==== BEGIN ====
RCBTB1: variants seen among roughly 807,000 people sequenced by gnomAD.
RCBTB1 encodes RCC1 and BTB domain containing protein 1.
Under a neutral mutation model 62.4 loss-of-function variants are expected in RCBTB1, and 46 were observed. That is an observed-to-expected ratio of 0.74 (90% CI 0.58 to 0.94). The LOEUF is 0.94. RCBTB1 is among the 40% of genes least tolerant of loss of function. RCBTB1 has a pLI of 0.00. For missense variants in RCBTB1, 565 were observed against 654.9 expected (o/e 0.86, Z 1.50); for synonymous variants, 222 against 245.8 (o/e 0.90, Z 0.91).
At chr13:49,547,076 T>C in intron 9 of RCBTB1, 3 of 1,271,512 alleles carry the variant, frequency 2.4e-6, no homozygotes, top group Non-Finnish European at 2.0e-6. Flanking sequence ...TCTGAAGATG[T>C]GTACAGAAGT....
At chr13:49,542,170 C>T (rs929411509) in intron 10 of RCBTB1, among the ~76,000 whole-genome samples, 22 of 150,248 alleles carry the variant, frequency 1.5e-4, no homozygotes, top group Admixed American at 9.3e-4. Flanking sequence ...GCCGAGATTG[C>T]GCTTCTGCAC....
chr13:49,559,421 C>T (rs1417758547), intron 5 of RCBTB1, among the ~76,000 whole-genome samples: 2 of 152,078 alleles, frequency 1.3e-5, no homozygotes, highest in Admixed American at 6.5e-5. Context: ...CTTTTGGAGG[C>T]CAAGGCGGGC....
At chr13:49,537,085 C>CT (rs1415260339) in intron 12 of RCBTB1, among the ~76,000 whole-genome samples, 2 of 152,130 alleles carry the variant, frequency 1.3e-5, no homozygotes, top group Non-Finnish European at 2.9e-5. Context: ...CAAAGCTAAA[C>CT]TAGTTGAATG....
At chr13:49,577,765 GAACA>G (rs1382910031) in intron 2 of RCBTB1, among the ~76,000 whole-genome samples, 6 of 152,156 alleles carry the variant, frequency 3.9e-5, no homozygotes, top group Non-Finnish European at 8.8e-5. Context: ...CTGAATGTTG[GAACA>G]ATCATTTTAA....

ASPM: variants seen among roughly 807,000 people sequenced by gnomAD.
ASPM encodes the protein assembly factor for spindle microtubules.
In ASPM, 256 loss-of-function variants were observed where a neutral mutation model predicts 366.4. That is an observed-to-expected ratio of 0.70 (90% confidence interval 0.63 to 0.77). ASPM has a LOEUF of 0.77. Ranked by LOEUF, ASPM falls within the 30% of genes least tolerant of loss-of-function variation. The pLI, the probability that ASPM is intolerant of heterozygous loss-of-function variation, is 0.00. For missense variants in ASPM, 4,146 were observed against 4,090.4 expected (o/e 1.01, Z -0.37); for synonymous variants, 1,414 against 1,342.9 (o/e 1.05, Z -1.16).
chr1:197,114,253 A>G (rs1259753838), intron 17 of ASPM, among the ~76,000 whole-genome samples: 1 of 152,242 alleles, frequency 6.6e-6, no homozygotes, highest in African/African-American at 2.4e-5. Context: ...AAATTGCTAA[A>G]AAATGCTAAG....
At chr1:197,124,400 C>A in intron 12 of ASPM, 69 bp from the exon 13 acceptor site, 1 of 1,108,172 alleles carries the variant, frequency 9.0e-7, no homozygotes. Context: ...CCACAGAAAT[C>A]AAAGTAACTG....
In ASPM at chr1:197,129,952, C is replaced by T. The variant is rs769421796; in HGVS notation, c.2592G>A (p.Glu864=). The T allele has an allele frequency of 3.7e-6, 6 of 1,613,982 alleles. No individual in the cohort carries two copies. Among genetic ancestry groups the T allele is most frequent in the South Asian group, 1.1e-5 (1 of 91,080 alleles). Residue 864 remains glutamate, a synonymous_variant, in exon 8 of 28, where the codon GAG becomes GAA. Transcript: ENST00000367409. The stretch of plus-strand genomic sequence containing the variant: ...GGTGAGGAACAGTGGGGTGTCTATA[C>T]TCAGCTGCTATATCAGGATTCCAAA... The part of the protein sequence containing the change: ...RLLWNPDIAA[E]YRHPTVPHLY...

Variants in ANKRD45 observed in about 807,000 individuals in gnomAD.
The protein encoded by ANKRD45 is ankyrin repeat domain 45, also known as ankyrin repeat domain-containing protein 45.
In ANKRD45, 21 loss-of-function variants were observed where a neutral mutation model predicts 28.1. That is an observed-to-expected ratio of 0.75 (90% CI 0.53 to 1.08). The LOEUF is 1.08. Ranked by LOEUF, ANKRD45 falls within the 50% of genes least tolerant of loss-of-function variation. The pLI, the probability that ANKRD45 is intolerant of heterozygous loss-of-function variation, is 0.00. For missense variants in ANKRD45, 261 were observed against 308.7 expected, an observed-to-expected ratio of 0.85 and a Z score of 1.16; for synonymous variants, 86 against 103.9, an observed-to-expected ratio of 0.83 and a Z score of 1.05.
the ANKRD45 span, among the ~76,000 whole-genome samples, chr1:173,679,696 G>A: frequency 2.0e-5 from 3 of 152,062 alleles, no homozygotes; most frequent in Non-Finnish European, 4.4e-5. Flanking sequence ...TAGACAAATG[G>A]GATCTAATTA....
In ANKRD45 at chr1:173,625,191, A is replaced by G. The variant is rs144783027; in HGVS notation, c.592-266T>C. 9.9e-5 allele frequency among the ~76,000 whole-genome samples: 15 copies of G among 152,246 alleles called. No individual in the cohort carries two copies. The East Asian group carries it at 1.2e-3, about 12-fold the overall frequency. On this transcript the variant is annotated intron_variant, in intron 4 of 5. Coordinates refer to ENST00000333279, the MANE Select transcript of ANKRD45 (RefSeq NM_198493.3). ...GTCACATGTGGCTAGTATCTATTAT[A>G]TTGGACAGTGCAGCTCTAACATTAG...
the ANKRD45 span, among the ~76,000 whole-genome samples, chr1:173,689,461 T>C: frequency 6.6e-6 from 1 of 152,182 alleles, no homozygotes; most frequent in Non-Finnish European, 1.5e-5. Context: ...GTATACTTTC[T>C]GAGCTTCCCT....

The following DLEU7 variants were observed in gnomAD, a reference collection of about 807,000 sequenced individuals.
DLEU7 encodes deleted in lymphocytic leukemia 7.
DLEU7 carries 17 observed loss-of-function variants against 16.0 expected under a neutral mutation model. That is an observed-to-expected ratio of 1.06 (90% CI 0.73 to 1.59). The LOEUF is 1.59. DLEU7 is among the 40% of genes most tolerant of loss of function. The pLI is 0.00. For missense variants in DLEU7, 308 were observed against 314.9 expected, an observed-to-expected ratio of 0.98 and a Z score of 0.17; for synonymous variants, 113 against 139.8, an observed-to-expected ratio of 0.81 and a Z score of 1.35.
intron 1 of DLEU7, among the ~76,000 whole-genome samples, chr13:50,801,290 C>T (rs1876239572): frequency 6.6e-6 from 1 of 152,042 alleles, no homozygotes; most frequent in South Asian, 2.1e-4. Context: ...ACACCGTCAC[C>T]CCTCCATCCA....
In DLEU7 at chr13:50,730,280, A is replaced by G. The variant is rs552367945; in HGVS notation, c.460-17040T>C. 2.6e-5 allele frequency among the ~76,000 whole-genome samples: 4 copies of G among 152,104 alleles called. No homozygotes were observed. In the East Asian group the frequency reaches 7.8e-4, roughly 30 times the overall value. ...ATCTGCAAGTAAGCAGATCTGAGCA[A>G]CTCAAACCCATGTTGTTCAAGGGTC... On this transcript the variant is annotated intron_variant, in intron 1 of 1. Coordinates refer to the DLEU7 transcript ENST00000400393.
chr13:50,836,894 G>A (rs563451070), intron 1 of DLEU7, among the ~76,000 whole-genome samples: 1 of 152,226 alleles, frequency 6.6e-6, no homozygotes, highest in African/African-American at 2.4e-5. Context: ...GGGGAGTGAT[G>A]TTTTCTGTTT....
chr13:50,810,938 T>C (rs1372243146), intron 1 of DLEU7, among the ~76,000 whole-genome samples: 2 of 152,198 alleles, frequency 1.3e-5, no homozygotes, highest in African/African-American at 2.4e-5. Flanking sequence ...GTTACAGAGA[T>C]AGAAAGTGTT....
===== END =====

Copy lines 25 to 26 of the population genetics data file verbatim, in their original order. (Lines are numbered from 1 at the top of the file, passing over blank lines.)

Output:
In DLEU7 at chr13:50,730,280, A is replaced by G. The variant is rs552367945; in HGVS notation, c.460-17040T>C. 2.6e-5 allele frequency among the ~76,000 whole-genome samples: 4 copies of G among 152,104 alleles called. No homozygotes were observed. In the East Asian group the frequency reaches 7.8e-4, roughly 30 times the overall value. ...ATCTGCAAGTAAGCAGATCTGAGCA[A>G]CTCAAACCCATGTTGTTCAAGGGTC... On this transcript the variant is annotated intron_variant, in intron 1 of 1. Coordinates refer to the DLEU7 transcript ENST00000400393.
chr13:50,836,894 G>A (rs563451070), intron 1 of DLEU7, among the ~76,000 whole-genome samples: 1 of 152,226 alleles, frequency 6.6e-6, no homozygotes, highest in African/African-American at 2.4e-5. Context: ...GGGGAGTGAT[G>A]TTTTCTGTTT....